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The Sweep: Is Trump the Frontrunner or Not?
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The Sweep: Is Trump the Frontrunner or Not?

Plus: A sign that our polarization is only getting worse.

Former President Donald Trump speaks at the New Hampshire GOP’s annual meeting on January 28, 2023, in Salem, New Hampshire. (Photo by Scott Eisen/Getty Images)


What is going on with the GOP presidential primary polls? From Nate Cohn at the New York Times

In national surveys since last November’s midterm election, different pollsters have shown [Trump] with anywhere between 25 percent and 55 percent of the vote in a multicandidate field. 

That’s right: a mere 30-point gap.

As Nate pointed out in 2019—when he predicted that Joe Biden would be the frontrunner for the Democratic nomination the next year, months before Biden was even officially in the race—these polls can be predictive.

“Across both parties, candidates who have led in the polls over the first six months in the year before the primary have gone on to win more than half the time since the modern primary system developed in the early 1970s,” he wrote. Reagan in 1980, Bush in 1988, Bush in 2000, Gore in 2000, Kerry in 2004, Romney in 2012, Clinton in 2016, and Biden in 2020 all fit the pattern.*

With the polls all over the place this time around, how do we know whether Trump is the strong frontrunner or in a touch-and-go with Ron DeSantis? From a pure logic standpoint, it’s possible that none of the polls are right but surely we can figure out which ones are definitely wrong?  

It’s worth reading all of Nate’s reasoning—and I think there are plenty of pollsters who would quibble with an item or two on his list—but this is where he comes out:

“There are two reasons to err toward the polls that are showing Trump weakness. First, the so-called probability polls have uniformly showed relative weakness for Mr. Trump … Second, the state polling is almost entirely consistent with a weak or relatively weak Trump … The assessment that Mr. Trump is stuck in the low-to-mid 30s nationwide represents a best guess.”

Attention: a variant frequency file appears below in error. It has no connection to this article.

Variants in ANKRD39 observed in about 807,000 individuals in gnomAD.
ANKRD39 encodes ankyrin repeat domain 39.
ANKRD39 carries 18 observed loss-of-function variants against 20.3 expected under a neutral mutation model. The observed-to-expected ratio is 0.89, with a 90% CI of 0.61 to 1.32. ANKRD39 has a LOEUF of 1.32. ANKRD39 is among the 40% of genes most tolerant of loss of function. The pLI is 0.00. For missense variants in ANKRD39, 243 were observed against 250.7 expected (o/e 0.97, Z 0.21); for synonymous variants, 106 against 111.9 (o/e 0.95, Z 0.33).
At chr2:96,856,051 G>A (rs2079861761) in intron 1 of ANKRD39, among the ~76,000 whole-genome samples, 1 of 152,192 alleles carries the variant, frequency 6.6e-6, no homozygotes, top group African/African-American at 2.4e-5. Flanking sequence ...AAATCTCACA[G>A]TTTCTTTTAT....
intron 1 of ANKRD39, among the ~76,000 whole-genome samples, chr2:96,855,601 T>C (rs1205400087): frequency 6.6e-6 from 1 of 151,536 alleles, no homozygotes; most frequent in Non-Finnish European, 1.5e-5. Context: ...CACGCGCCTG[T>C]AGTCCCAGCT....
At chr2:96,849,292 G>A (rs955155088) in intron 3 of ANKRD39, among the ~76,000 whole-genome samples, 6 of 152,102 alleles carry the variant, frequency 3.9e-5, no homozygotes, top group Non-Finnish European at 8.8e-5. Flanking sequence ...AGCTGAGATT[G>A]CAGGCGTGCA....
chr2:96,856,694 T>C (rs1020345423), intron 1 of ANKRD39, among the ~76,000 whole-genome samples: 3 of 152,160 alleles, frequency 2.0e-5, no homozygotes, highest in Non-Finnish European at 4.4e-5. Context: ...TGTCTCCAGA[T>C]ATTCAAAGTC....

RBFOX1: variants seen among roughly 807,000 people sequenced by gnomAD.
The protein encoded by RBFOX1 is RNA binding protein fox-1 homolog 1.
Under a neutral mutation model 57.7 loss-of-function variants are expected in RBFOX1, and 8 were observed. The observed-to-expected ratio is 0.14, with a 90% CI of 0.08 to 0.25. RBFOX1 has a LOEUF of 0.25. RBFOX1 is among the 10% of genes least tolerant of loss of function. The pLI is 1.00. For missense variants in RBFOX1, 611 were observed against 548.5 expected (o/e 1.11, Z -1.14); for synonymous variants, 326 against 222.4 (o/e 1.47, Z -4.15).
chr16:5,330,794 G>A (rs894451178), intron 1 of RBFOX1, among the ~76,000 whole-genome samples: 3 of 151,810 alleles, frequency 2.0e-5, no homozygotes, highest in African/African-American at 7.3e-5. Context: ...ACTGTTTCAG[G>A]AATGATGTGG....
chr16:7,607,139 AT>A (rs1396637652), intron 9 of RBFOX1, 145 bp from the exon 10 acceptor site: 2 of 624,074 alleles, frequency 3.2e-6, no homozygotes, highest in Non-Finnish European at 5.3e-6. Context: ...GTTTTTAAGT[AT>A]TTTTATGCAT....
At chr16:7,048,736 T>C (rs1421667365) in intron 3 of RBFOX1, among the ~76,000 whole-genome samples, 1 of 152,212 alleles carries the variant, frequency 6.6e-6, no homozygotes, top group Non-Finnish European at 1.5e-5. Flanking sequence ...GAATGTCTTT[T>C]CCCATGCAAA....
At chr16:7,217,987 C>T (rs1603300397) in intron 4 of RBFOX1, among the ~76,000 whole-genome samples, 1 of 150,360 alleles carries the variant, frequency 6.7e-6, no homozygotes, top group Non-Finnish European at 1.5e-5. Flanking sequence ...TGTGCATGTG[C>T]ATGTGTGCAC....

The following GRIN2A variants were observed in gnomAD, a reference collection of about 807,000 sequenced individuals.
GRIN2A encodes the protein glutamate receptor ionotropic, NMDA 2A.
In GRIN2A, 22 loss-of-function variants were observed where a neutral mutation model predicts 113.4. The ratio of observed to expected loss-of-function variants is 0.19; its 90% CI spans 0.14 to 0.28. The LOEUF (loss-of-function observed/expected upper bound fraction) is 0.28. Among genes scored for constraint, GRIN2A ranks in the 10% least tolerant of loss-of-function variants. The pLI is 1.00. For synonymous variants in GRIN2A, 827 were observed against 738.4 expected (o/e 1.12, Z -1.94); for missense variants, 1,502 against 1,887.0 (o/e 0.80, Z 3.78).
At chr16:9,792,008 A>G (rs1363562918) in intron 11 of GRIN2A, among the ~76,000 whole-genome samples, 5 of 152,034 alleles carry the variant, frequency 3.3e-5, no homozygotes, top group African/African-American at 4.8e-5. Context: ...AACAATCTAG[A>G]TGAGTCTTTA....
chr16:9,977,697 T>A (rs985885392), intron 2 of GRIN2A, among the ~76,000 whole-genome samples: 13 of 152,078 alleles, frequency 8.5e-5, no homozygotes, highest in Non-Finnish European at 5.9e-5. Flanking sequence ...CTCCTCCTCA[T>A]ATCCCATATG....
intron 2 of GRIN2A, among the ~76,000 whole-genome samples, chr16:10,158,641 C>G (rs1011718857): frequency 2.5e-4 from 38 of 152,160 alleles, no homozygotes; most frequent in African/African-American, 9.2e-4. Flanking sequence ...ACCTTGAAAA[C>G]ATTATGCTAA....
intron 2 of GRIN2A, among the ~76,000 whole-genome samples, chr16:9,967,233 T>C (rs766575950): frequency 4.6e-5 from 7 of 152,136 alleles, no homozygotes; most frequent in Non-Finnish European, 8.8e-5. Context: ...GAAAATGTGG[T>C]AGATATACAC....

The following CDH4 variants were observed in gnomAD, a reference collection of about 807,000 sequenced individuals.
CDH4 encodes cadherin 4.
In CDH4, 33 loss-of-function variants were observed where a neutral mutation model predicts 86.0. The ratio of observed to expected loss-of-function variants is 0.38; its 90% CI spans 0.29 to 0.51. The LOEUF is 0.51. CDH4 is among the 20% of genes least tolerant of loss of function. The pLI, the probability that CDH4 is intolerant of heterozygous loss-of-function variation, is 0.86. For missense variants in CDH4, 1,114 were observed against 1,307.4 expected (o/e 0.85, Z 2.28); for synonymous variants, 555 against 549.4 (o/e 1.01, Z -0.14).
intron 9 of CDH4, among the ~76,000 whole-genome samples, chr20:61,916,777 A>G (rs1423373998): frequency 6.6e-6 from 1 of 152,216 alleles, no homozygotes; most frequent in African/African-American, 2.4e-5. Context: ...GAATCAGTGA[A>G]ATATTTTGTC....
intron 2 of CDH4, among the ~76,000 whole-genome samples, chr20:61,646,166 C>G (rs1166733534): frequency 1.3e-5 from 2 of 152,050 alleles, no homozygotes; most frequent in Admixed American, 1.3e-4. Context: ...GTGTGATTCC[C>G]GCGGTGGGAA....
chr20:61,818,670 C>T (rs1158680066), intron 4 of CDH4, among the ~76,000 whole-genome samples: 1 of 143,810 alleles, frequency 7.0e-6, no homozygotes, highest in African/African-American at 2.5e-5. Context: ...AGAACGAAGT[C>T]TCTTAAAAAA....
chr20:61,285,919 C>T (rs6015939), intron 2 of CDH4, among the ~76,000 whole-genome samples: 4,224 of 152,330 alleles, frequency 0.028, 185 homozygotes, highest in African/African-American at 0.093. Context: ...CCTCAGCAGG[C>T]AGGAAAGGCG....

There are other warning signs for the Trump team. His fundraising numbers are abysmal. His campaign committees reported raising only $9.5 million since launching in November, leaving him with $25 million in the bank. Last year, he reported more than $100 million at the start of the year. These numbers are all the more shocking when you consider what a fundraising juggernaut Trump once was, raising more than $200 million in the month after the 2020 election. 

And then there are the other guys. In the last week, Trump has tried to land attacks on Chris Christie, Nikki Haley, and DeSantis. But it all feels so different from 2015, when a Trump attack dominated the headlines and forced every candidate to play on his field. It feels much less like Trump is at the steering wheel this time. DeSantis isn’t expected to announce until after Memorial Day and that feels much more like the starting gun instead. 

Trump isn’t where he was in 2015, but he isn’t going to run out of money. And he will never truly lack for attention. Even Cohn’s analysis leaves Trump as the marginal frontrunner in these polls, and that is a good place to be historically.